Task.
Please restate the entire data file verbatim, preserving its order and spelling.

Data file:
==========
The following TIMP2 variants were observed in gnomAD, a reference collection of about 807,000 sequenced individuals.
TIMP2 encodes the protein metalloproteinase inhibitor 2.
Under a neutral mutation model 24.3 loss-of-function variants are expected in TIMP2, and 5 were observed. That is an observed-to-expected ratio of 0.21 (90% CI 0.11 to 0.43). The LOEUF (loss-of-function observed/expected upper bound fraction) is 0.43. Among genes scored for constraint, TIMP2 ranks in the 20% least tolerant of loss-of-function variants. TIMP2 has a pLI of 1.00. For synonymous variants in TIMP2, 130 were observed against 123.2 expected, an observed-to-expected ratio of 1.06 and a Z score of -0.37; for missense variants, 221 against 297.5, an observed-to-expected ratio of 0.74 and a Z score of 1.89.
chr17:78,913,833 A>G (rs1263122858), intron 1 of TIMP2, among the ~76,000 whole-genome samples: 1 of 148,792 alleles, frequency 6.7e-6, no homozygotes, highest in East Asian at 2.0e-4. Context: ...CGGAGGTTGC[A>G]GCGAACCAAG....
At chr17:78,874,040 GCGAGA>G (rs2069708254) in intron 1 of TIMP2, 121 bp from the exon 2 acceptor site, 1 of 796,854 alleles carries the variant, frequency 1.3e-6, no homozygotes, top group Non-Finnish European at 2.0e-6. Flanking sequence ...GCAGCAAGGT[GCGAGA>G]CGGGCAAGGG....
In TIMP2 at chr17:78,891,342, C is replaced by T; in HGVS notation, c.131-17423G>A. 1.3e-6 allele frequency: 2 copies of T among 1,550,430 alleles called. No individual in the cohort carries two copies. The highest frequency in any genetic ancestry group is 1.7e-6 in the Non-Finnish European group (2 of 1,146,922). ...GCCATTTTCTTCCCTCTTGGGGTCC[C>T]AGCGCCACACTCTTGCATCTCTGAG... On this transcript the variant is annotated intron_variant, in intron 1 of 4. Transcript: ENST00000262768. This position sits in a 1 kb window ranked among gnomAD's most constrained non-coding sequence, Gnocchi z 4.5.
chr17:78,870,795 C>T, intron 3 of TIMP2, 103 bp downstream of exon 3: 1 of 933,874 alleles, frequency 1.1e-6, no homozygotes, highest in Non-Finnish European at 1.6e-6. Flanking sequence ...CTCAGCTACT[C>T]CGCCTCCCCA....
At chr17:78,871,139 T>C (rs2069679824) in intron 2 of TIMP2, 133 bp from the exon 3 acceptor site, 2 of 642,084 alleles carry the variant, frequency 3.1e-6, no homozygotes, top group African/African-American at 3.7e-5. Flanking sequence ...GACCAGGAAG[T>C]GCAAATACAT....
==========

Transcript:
The following TIMP2 variants were observed in gnomAD, a reference collection of about 807,000 sequenced individuals.
TIMP2 encodes the protein metalloproteinase inhibitor 2.
Under a neutral mutation model 24.3 loss-of-function variants are expected in TIMP2, and 5 were observed. That is an observed-to-expected ratio of 0.21 (90% CI 0.11 to 0.43). The LOEUF (loss-of-function observed/expected upper bound fraction) is 0.43. Among genes scored for constraint, TIMP2 ranks in the 20% least tolerant of loss-of-function variants. TIMP2 has a pLI of 1.00. For synonymous variants in TIMP2, 130 were observed against 123.2 expected, an observed-to-expected ratio of 1.06 and a Z score of -0.37; for missense variants, 221 against 297.5, an observed-to-expected ratio of 0.74 and a Z score of 1.89.
chr17:78,913,833 A>G (rs1263122858), intron 1 of TIMP2, among the ~76,000 whole-genome samples: 1 of 148,792 alleles, frequency 6.7e-6, no homozygotes, highest in East Asian at 2.0e-4. Context: ...CGGAGGTTGC[A>G]GCGAACCAAG....
At chr17:78,874,040 GCGAGA>G (rs2069708254) in intron 1 of TIMP2, 121 bp from the exon 2 acceptor site, 1 of 796,854 alleles carries the variant, frequency 1.3e-6, no homozygotes, top group Non-Finnish European at 2.0e-6. Flanking sequence ...GCAGCAAGGT[GCGAGA>G]CGGGCAAGGG....
In TIMP2 at chr17:78,891,342, C is replaced by T; in HGVS notation, c.131-17423G>A. 1.3e-6 allele frequency: 2 copies of T among 1,550,430 alleles called. No individual in the cohort carries two copies. The highest frequency in any genetic ancestry group is 1.7e-6 in the Non-Finnish European group (2 of 1,146,922). ...GCCATTTTCTTCCCTCTTGGGGTCC[C>T]AGCGCCACACTCTTGCATCTCTGAG... On this transcript the variant is annotated intron_variant, in intron 1 of 4. Transcript: ENST00000262768. This position sits in a 1 kb window ranked among gnomAD's most constrained non-coding sequence, Gnocchi z 4.5.
chr17:78,870,795 C>T, intron 3 of TIMP2, 103 bp downstream of exon 3: 1 of 933,874 alleles, frequency 1.1e-6, no homozygotes, highest in Non-Finnish European at 1.6e-6. Flanking sequence ...CTCAGCTACT[C>T]CGCCTCCCCA....
At chr17:78,871,139 T>C (rs2069679824) in intron 2 of TIMP2, 133 bp from the exon 3 acceptor site, 2 of 642,084 alleles carry the variant, frequency 3.1e-6, no homozygotes, top group African/African-American at 3.7e-5. Flanking sequence ...GACCAGGAAG[T>C]GCAAATACAT....